A new Mediterranean scientific research ship will allow Greek researchers to study the climate change-threatened ecosystems of the Mediterranean Sea about which we know surprisingly little.

When scientists of the Hellenic Centre for Marine Research speak about the Mediterranean, one theme is consistent: there is so much left to learn about this intercontinental sea, whose shores are home to more than 500 million people.

“We sometimes say the Mediterranean is a miniature ocean”, says Dr Tanya Zervoudaki, one of the centre’s researchers. “We see so many habitats and such high diversity, but also it’s a sea surrounded by anthropogenic stressors. It’s a vulnerable ecosystem, and there are so many things we don’t know about it yet”.

With the support of the European Investment Bank, the Hellenic Centre for Marine Research is building a new and much larger  ship to replace the one they’ve been sailing since 1985. It will expand the capacity for research on everything from the effects of climate change to the search for undiscovered life forms at great depths.

Mediterranean scientific research ship to replace 1985 vessel

The new vessel will be able to support up to 20 crew members and 30 scientists — more than twice the capacity of the old ship, the Aegaeo. It will be about 70 metres long and about 15 wide, with five decks. It will have more than 200 square meters of scientific laboratories, ample open deck space, oceanographic winches, cranes and A-frames for deployment and recovery of scientific instruments.

The European Investment Bank signed a loan of up to €57.5 million to the Greek state in July 2020, to help finance the new oceanographic vessel and a new research station on the island of Antikythera. These projects will take five to six years to complete.

Dr Dimitris Sakellariou is the centre’s Research Director of Structural/Marine Geology and Marine Geoarchaeology. Of the new vessel, he says “this has been a dream of the last 15 years. We will have the ability to load the vessel with much more advanced and heavier equipment, and much more modern instruments.”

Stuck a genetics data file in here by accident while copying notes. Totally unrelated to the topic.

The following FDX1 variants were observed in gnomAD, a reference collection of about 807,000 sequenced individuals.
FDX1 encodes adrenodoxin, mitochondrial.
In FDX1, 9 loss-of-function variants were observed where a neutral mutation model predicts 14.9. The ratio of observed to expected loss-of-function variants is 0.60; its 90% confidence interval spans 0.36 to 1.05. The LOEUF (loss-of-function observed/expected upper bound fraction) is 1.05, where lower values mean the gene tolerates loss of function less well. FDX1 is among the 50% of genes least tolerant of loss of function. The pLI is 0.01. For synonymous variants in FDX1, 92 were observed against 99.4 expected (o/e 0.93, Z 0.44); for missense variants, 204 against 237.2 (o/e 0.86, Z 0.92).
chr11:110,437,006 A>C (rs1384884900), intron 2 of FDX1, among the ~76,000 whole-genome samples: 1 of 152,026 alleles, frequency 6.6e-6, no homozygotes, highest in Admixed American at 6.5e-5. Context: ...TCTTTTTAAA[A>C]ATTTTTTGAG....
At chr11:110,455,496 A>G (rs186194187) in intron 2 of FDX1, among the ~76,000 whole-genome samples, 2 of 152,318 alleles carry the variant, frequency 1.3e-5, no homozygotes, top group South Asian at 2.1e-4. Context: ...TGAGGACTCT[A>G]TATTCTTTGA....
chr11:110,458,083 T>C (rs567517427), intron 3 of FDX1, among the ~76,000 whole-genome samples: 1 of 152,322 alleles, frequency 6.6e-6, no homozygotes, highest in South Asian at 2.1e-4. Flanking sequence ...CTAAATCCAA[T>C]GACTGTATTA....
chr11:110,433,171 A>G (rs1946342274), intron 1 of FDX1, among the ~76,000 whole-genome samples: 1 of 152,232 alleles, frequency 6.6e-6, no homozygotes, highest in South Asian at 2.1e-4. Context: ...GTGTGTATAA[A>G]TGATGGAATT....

Stability of Mediterranean scientific research ship promotes new experiments

Because this ship will be so much larger than the Aegaeo, it will also be more stable, allowing scientists to conduct experiments on board that they cannot perform now, such as DNA extraction, which is important for assessing biodiversity. The new ship will also carry submersible vehicles for exploring the depths of the Mediterranean, including forms of life of which little is known, like those near active underwater volcanoes.

“We will be able to reach microbe communities that are currently not accessible,” Sakellariou says. “They are really very important for the biologists and the scientists who work with genomics and genetics. There are so many fields that are still open and wait for us to survey them.”

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Critical to aquaculture

The vessel will also be critical in assessing the changes being wrought on the Mediterranean by climate change.

The surface temperature of the water in the sea has already risen 0.4 degrees celsius, and acidification, caused by CO2 being dissolved in the water, has lowered its pH by 0.1 since the pre-industrial period. Invasive species, new forms of bacteria, and other pathogens are also important areas of research.

Dr Pantelis Katharios is a researcher in the Aqualabs division of the HCMR, where the focus is on aquaculture. He says the new research vessel is critical because so much is unknown about the Mediterranean and the rapid changes caused by the climate crisis.

“It’s important to have the people and the equipment, because in the end you may address emergencies that we don’t even know about yet,” he says. “Two or three years ago we had a new parasite emerge that no one knew about, and it nearly wiped out the population of Pinna nobilis, a clam that is the biggest bivalve we have in the Mediterranean. It helps keep the water clean.

“It’s a huge impact for the Mediterranean ecosystem. We need the vessel for things like this.”